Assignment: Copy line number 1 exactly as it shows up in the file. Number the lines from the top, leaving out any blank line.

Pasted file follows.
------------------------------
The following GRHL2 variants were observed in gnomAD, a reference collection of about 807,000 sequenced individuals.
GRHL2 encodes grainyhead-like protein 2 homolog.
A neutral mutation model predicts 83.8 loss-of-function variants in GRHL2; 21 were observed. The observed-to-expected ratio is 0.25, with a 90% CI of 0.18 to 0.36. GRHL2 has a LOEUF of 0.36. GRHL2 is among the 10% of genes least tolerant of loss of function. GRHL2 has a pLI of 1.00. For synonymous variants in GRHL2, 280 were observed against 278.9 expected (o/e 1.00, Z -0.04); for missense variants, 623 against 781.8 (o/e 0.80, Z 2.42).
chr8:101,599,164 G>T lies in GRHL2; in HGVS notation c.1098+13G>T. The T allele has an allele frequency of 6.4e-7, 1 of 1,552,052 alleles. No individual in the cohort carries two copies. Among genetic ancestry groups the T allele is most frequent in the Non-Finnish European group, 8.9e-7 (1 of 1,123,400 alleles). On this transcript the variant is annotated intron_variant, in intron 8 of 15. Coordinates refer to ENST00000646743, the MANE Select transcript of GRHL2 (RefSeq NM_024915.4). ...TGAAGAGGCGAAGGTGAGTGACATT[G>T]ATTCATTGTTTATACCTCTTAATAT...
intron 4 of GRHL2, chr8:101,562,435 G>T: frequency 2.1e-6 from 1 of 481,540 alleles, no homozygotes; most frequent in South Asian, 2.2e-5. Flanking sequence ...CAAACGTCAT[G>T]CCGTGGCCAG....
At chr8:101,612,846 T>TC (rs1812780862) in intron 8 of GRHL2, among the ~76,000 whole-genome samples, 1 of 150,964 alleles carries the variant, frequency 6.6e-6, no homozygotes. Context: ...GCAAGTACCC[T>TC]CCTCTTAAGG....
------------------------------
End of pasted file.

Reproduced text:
The following GRHL2 variants were observed in gnomAD, a reference collection of about 807,000 sequenced individuals.